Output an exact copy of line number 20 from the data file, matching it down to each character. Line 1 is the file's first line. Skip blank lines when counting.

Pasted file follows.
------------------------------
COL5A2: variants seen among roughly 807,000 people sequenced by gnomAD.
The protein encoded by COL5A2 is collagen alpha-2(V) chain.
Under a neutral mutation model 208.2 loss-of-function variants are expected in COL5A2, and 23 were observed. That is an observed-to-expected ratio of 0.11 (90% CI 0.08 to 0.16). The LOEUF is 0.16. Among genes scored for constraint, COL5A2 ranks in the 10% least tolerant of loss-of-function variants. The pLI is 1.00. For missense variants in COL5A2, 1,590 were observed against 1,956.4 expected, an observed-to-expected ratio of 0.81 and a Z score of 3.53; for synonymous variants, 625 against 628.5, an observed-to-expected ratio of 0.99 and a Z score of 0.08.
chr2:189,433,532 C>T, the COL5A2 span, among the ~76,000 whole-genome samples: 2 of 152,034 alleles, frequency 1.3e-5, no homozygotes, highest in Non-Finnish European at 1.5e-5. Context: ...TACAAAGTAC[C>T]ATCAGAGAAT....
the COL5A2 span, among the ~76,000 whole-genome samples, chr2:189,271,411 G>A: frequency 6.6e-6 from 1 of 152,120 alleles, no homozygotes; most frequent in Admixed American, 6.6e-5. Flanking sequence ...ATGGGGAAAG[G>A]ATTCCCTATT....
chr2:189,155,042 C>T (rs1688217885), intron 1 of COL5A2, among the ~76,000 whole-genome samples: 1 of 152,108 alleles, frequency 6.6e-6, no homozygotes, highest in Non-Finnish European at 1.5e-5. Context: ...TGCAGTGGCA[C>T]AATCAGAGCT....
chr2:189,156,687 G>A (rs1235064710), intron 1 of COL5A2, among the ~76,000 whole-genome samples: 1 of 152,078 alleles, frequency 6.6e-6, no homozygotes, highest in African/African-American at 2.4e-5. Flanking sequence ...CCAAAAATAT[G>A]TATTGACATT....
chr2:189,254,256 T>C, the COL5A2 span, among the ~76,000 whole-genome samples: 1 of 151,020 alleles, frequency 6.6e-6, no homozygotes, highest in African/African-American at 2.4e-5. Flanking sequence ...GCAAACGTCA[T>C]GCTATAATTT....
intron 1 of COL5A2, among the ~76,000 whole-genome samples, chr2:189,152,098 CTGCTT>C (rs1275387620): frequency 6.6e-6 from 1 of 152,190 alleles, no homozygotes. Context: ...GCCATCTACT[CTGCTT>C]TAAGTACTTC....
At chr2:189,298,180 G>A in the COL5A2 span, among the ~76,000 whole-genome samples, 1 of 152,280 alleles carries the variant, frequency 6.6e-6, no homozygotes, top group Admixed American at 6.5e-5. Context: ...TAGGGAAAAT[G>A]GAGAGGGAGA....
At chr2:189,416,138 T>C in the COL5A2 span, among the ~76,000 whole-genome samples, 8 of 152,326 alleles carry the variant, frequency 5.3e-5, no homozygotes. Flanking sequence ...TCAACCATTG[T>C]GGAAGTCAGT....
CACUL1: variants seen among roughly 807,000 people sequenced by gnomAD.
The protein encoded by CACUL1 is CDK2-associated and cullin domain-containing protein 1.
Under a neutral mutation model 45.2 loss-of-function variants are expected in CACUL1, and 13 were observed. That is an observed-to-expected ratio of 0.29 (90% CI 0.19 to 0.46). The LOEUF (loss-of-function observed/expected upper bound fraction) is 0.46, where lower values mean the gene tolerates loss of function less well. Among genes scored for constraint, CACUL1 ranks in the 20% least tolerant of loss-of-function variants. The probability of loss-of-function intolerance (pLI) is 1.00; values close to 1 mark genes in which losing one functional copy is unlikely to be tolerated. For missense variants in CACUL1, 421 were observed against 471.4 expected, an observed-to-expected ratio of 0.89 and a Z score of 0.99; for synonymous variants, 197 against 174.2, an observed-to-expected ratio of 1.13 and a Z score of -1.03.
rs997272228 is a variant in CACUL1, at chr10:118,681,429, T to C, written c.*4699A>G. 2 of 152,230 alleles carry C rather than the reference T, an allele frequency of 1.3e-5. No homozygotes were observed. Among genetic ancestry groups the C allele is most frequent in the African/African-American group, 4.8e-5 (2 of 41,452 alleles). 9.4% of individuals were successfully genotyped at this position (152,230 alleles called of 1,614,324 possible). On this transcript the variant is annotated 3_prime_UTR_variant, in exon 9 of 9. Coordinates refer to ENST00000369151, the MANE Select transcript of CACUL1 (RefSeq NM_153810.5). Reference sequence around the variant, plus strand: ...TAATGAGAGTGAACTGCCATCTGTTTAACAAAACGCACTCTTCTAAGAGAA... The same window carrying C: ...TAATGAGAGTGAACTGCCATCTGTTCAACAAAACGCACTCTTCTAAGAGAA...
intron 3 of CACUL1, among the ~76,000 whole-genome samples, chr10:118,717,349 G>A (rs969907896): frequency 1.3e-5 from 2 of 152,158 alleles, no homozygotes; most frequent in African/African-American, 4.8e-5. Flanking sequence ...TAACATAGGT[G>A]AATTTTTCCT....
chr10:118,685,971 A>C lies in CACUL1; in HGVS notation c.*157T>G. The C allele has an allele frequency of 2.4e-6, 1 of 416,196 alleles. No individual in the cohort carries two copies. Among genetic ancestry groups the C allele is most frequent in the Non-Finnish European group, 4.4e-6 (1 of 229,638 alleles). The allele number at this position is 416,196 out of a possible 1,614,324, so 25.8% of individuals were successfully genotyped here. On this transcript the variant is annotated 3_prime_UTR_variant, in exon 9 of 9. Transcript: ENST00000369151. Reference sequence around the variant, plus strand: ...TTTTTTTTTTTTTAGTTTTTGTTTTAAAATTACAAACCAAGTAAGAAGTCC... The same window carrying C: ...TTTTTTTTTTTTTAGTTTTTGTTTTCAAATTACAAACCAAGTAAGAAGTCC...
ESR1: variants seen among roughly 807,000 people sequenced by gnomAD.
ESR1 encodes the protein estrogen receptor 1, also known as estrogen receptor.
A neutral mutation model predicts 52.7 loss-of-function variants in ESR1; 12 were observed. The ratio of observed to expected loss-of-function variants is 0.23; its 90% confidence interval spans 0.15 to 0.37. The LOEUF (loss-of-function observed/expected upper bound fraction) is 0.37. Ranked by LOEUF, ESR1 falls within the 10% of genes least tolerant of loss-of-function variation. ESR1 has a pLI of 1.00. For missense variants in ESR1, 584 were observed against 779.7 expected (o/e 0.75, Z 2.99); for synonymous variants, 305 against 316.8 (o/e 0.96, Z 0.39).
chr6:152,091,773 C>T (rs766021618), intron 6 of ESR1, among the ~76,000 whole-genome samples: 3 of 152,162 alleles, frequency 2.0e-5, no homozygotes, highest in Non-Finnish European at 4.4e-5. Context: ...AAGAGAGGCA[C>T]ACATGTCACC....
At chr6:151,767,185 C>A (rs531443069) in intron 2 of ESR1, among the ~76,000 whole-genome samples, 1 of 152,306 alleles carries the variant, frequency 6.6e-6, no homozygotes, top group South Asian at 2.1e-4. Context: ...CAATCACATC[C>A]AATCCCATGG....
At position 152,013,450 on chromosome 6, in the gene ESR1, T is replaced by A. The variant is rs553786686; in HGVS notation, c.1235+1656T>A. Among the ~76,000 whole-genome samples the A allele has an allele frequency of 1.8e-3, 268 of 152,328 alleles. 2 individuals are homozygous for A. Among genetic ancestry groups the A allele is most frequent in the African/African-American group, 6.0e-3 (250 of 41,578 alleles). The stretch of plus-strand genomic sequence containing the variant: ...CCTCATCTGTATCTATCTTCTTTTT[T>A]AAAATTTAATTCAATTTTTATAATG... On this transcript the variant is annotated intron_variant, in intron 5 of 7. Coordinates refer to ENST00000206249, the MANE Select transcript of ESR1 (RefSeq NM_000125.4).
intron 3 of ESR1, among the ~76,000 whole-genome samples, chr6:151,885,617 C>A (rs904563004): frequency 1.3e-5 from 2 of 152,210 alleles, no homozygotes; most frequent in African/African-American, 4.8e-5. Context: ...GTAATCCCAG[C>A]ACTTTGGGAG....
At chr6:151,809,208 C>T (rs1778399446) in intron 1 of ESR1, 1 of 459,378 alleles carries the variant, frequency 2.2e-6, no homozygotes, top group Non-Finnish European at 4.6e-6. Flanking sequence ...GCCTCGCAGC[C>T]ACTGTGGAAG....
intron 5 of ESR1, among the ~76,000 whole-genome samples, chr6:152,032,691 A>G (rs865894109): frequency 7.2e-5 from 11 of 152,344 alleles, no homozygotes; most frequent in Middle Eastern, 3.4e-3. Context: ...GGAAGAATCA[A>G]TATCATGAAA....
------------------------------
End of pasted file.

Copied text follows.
A neutral mutation model predicts 52.7 loss-of-function variants in ESR1; 12 were observed. The ratio of observed to expected loss-of-function variants is 0.23; its 90% confidence interval spans 0.15 to 0.37. The LOEUF (loss-of-function observed/expected upper bound fraction) is 0.37. Ranked by LOEUF, ESR1 falls within the 10% of genes least tolerant of loss-of-function variation. ESR1 has a pLI of 1.00. For missense variants in ESR1, 584 were observed against 779.7 expected (o/e 0.75, Z 2.99); for synonymous variants, 305 against 316.8 (o/e 0.96, Z 0.39).